Aim for Several Generations of Clients
Gen X is well into their acquisition phase, and Gen Y is no longer composed of young children—over the next decade, they both stand to inherit large sums of money. Once this wealth is inherited by the next generation, there will only be a small number of new-wealth holders that retain the previous generation’s financial advisors. If you have not begun to work to engage the next several generations of clients, your firm is at risk for declining assets and a scramble for new revenue in the not-so-distant future.
A large number of firms are just beginning to realize that it’s crucial to begin building these relationships with their clients’ children and grandchildren now, and they are not completely sure how to start. These firms can take a lesson from firms specializing in multi-generation families the entire time. Here are some tips that financial advisors can glean from these firms to be impactful for generations to come:
Ask about helping children and grandchildren early on. When you are working with high net worth clients, offer them counsel and financial education for their children or grandchildren—no matter the age or financial conditions. You may find that there are many parents who have great concern that their children don’t know how to handle money well—let alone investments and accumulated wealth. By reaching out to these younger family members, financial advisors can offer introductory lessons in budgeting as well as savings advice and establish these personal relationships early on. Doing so with the next generation can go a long way towards building relationships with current clients and their children, as well as preparing the next generation to handle their future wealth more successfully.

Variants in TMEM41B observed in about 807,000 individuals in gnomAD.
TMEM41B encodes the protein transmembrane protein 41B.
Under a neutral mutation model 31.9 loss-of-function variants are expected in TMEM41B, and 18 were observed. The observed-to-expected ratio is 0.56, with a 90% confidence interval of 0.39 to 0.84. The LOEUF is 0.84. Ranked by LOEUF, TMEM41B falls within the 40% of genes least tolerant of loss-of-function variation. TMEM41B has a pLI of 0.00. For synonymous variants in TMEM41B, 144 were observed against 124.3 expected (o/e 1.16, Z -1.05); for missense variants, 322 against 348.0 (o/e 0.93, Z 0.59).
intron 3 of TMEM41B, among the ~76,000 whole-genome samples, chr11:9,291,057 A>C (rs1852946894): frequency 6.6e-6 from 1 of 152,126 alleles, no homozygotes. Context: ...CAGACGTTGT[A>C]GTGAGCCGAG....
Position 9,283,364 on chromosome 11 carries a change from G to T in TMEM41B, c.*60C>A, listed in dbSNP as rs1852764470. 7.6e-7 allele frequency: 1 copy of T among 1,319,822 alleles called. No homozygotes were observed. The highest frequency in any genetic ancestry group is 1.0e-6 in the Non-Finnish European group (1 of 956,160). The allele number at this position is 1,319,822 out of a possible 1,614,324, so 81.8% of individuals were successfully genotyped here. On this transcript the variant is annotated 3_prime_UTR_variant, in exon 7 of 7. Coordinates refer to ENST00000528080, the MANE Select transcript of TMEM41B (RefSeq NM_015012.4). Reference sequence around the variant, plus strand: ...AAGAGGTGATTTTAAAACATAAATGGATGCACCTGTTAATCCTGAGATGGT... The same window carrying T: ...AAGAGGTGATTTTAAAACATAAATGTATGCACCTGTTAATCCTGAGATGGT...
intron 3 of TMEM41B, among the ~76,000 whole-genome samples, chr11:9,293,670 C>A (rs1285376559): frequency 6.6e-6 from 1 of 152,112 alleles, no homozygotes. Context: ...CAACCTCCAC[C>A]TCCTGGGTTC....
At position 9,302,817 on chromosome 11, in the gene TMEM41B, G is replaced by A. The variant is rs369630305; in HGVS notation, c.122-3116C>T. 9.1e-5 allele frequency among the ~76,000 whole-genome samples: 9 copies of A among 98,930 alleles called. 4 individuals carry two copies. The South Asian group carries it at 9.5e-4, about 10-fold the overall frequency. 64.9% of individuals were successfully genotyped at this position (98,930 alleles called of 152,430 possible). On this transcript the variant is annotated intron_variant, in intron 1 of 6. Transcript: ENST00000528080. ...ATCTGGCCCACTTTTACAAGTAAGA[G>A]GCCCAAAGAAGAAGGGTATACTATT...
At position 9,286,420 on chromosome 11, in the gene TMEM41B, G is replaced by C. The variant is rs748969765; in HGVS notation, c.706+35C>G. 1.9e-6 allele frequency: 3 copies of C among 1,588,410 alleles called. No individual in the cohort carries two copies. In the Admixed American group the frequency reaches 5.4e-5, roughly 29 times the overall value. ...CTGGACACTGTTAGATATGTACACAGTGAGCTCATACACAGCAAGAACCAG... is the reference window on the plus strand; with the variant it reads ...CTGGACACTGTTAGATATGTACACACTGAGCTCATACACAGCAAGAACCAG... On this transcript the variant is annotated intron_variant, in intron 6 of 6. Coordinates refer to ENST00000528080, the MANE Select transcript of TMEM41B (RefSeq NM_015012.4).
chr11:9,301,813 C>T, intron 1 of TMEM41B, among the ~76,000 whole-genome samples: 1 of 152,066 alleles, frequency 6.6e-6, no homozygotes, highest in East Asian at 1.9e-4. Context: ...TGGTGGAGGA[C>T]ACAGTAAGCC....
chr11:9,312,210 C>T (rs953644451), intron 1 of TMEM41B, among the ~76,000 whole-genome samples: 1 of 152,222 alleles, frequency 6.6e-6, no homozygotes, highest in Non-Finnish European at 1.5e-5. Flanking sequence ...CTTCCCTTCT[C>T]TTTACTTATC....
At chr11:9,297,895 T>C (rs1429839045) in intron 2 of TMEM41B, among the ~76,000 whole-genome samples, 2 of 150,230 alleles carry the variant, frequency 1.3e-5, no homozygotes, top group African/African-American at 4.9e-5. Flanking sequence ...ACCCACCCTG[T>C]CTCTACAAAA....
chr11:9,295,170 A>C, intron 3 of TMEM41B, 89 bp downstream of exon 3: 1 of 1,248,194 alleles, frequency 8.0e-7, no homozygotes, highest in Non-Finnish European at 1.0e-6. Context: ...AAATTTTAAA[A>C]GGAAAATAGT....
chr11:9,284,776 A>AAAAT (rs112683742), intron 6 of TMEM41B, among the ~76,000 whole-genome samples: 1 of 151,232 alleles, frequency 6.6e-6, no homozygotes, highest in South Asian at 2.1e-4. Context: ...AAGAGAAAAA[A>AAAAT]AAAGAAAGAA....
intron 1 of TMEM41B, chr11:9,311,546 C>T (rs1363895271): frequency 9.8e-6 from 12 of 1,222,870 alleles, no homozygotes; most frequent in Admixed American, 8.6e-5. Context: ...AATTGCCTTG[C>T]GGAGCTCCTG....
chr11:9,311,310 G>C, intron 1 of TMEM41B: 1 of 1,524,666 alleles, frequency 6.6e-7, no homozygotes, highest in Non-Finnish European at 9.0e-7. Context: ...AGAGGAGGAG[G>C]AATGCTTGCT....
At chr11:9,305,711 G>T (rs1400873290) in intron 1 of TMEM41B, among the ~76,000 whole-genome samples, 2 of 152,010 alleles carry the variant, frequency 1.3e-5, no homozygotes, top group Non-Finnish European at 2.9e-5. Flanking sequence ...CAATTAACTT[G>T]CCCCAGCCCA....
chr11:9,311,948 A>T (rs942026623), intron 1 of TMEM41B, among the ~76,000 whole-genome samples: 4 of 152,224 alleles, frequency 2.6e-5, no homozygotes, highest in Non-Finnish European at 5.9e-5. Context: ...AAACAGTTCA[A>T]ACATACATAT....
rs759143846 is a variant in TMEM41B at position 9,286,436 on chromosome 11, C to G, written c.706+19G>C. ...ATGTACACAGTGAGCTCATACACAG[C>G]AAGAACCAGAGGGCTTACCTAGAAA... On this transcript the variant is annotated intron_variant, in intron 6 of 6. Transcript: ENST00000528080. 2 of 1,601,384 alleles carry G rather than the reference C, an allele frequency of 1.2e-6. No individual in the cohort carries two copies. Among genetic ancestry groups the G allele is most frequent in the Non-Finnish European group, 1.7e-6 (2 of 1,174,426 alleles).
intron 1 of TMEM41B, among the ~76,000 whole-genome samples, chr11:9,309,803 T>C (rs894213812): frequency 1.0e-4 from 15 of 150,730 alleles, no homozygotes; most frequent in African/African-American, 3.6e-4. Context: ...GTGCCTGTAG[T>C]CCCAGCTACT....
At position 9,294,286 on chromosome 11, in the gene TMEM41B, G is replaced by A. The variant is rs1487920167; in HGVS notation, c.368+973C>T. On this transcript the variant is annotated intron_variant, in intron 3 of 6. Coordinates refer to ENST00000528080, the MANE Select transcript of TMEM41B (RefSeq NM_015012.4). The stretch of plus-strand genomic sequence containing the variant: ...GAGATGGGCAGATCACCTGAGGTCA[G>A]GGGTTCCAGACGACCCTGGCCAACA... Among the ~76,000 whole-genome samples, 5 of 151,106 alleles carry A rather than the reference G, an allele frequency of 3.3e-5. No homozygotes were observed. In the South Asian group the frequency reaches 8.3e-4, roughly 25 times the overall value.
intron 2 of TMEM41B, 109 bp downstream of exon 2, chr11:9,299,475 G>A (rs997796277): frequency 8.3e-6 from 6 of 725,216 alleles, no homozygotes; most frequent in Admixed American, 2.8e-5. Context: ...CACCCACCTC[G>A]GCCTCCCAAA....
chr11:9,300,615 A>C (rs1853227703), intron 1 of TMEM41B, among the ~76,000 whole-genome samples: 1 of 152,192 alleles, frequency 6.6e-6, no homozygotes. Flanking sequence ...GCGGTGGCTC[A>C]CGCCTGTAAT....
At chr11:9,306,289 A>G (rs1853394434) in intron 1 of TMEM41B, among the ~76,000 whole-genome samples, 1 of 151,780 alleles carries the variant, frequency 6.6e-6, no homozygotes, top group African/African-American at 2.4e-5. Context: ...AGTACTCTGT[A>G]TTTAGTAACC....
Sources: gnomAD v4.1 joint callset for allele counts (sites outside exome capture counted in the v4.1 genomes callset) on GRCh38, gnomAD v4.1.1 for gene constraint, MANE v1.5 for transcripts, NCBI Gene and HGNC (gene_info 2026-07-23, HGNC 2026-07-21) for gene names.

Talk about the children of your current client base in every estate planning conversation. Many parents are concerned with how inheriting wealth will affect their children, and if they are prepared with the financial values, the parents intend to pass on. When a financial advisor discusses clients’ estate plans, it’s also important to encourage them to voice any legacy concerns and then suggest ways to involve the children early on in the process.
Reach out to estate planning attorneys to build relationships early on. This gives the financial advisor an advantageous position to communicate with clients’ children during the estate planning process—and to support a smoother transition during estate settlement.
If your firm hasn’t begun instituting these practices, it’s not too late to start. The next generation may be grown and no longer needing budgeting advice, but grandchildren may need it. Adult children could already have their financial advisor—but they could still be open to second opinions.
If your clients are updating their estate plans, this presents a perfect opportunity to start including the next generation in these conversations. Anyone that has a family or some accumulated wealth needs a basic estate plan—advisors should use the parents’ review as a way to open the doors to the clients’ children.
Many firms have spent years successfully planning and helping wealthy clients—only to lose these assets when the wealth is passed on to the children after death. One of the top reasons for this happening is that the children never have a relationship or even speak to the advisor. Financial advisors must realize they need to build these bridges with grown children if they want to prepare their firm for the future, and maintain their clients’ assets for years to come.